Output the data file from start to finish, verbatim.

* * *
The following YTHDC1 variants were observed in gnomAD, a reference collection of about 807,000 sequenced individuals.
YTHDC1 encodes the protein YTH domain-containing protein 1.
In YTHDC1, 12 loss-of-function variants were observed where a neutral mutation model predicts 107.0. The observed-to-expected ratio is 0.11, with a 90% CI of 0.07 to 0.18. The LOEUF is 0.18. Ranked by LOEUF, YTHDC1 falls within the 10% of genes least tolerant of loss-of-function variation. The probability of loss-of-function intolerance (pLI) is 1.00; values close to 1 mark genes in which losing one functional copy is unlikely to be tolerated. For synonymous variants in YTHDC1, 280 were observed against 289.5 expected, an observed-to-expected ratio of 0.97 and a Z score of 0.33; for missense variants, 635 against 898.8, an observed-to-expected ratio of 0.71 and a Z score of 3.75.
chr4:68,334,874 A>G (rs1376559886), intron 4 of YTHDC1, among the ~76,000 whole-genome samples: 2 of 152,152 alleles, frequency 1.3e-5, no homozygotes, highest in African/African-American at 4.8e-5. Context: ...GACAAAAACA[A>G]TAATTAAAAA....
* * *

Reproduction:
The following YTHDC1 variants were observed in gnomAD, a reference collection of about 807,000 sequenced individuals.
YTHDC1 encodes the protein YTH domain-containing protein 1.
In YTHDC1, 12 loss-of-function variants were observed where a neutral mutation model predicts 107.0. The observed-to-expected ratio is 0.11, with a 90% CI of 0.07 to 0.18. The LOEUF is 0.18. Ranked by LOEUF, YTHDC1 falls within the 10% of genes least tolerant of loss-of-function variation. The probability of loss-of-function intolerance (pLI) is 1.00; values close to 1 mark genes in which losing one functional copy is unlikely to be tolerated. For synonymous variants in YTHDC1, 280 were observed against 289.5 expected, an observed-to-expected ratio of 0.97 and a Z score of 0.33; for missense variants, 635 against 898.8, an observed-to-expected ratio of 0.71 and a Z score of 3.75.
chr4:68,334,874 A>G (rs1376559886), intron 4 of YTHDC1, among the ~76,000 whole-genome samples: 2 of 152,152 alleles, frequency 1.3e-5, no homozygotes, highest in African/African-American at 4.8e-5. Context: ...GACAAAAACA[A>G]TAATTAAAAA....